Both Conservatives and Liberals promise a million jobs after the pandemic, but the similarities end there.
Justin Trudeau made this commitment last September in the Speech from the Throne and subsequent financial updates.
Not to be outdone, Conservative leader Erin O’Toole has incorporated a parallel engagement into her latest social media campaign.
âWe will recover 1 million jobs in one year. We have lost that number in this pandemic and our mission is to get Canadians back to work and put the paycheques back in your pockets, âhe tweeted.
Chances are, either leader will be able to deliver on their vague promises without much effort, depending on what you mean by a million jobs. But it seems they would take different paths to get there – approaches that could have a lasting impact on the nature of the Canadian economy.
Statistics Canada showed on Friday that the roller coaster labor market rebounded again in June as parts of the country began to open up after the installation of the third wave of COVID-19.
On the bright side: Employment increased by 231,000 positions – almost offsetting losses from the previous two months of pandemic lockdown. The unemployment rate fell to 7.8 percent in June, from 8.2 percent a month earlier. More people have joined the labor market.
Young people, who more than most have suffered the brunt of the pandemic recession, have made huge gains. Student employment has actually recovered. The same goes for new immigrants and native workers. Cities are doing well, say economists from National Bank Financial: Montreal and Vancouver have recovered, and Toronto is almost there.
Economists say the numbers show the Canadian labor market is fairly resilient, able to rebound easily when restrictions ease. They expect more gains this month as Ontario opens up even more.
But the job gains were mainly due to new part-time positions. Full-time employment was little changed after two months of heavy losses.
The total number of jobs is 340,000 less than it was before the pandemic began – and that is the number the Liberals and Conservatives focus on when they talk about a million. jobs. We are currently short of 340,000 jobs.
But in fact, because our population has grown, we are actually missing 550,000 jobs for a full recovery, according to Statistics Canada.
In addition, nearly a million people still suffer from the consequences of the pandemic on employment. StatCan includes the total number of people who are unemployed, those who work fewer hours than they expected, those who are on temporary layoff and those who are completely inactive but still want to find work. And according to this measure – called the labor underutilization rate – there are currently 907,000 more people than before the pandemic.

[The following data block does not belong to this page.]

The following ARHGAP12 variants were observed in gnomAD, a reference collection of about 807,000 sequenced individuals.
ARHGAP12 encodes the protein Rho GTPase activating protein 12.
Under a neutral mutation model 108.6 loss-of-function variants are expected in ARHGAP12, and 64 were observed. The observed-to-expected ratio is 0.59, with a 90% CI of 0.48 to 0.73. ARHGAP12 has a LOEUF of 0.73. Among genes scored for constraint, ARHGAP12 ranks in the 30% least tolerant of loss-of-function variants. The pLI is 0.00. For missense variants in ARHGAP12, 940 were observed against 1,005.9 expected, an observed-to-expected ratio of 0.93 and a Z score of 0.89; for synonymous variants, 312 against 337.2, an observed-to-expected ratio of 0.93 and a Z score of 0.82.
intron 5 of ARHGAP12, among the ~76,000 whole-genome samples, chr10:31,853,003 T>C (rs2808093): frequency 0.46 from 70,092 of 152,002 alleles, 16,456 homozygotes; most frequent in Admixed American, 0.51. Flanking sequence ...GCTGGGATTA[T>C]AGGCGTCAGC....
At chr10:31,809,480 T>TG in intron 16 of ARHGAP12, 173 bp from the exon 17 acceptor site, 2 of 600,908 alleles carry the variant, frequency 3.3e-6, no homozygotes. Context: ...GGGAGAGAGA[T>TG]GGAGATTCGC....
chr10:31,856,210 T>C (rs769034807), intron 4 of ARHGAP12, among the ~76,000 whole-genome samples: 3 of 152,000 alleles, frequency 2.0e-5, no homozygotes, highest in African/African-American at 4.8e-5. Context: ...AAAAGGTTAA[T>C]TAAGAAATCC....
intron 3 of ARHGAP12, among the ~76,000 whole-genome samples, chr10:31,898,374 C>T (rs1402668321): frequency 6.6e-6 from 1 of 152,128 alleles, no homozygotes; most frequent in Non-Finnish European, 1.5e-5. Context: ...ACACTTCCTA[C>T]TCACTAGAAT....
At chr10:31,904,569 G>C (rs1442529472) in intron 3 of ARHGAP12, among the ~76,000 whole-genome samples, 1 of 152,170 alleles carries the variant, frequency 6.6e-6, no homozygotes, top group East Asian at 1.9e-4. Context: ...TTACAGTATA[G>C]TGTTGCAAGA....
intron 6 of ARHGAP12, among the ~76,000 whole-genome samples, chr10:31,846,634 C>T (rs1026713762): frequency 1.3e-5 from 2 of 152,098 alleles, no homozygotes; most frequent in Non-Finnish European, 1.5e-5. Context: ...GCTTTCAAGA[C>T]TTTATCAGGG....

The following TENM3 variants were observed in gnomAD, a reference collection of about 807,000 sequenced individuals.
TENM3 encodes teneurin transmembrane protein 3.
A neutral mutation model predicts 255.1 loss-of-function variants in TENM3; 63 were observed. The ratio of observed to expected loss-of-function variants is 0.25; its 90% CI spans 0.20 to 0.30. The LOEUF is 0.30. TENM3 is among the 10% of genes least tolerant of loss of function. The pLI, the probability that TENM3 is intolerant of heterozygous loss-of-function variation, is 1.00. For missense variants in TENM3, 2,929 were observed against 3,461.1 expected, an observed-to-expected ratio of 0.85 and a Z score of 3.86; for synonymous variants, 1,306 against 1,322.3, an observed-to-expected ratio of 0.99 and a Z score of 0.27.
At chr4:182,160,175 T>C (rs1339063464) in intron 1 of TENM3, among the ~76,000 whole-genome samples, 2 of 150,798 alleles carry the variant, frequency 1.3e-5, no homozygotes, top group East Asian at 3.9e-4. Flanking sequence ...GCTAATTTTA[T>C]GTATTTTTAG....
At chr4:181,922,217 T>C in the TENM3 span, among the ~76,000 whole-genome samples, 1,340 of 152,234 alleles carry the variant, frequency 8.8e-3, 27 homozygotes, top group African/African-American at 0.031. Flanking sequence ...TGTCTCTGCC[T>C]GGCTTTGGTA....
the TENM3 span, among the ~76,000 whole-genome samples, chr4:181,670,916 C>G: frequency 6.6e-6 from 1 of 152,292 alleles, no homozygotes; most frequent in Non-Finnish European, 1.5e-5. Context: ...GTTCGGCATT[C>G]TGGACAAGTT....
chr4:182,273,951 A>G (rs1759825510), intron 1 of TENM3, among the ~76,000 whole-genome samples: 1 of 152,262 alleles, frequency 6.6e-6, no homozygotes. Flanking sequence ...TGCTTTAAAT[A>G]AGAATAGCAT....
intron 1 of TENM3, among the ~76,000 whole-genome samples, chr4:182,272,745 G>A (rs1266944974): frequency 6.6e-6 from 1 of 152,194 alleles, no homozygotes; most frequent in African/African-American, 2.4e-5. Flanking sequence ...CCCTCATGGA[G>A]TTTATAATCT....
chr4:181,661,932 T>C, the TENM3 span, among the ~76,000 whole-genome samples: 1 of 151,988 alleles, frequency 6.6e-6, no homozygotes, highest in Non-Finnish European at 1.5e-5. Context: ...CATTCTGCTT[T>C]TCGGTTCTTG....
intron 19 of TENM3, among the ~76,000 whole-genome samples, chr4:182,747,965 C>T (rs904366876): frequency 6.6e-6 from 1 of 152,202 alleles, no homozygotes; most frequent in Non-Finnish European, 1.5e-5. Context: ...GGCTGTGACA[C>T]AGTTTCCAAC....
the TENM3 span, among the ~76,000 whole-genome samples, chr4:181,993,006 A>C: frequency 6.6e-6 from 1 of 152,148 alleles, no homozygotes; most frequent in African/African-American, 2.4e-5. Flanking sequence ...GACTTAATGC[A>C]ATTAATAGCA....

That’s down considerably from the nearly 5 million sidelined at the height of closures in April 2020. But it’s clear we still have a long way to go.
The Conservative solution was spelled out by jobs critic Pierre Poilievre on Friday. He blamed the lack of jobs on Liberal overspending, bureaucracy and high taxes. And he promised that a Conservative government would “spark the era of free enterprise” that cut taxes to reward labor and investment, quickly issue building permits, encourage free trade between provinces, eliminate bureaucracy and “stop printing money” to stop inflation. pressure.
It’s unclear how a Conservative government would intervene with the Bank of Canada mandate, but Poilievre has repeatedly accused the central bank of lacking integrity and of deliberately fueling inflation at the behest of the Liberals.
The Liberals, on the other hand, do not value free enterprise much, even if they do not oppose it. Instead, they talk a lot about supporting workplaces and workers during the pandemic by extending wage subsidies and relaxing EI provisions until the economy improves. They talk about a hiring subsidy that has just been introduced in the budget. And they cite longer-term measures to attract women to the workforce by heavily subsidizing daycare centers, and to boost green jobs by supporting the transition to low-carbon production.
It’s a fairly traditional approach from both sides. The Conservatives would see fewer taxes and less government interference in the operation of businesses. The Liberals use government subsidies, regulation and support to help us.
What neither of them seems to address in depth are the permanent changes in the economy and in the workforce that the pandemic is bringing about – changes in global business models, in methods of production, in the commute, in the way we work every day.
We don’t yet know if city centers will come back to life, but working from home is likely to be much more prevalent after the pandemic than before. And we’re only just beginning to tackle the employment implications of automation. Businesses, their clients, and their clients have moved into a fully digital world in droves, and we’re only beginning to explore what that means for long-term jobs.
Globalization is changing, with companies shortening their supply chains and countries attempting to produce on land. For an open economy like Canada, there will be turnover.
We can welcome the signs of resilience, but we need policies to catch up.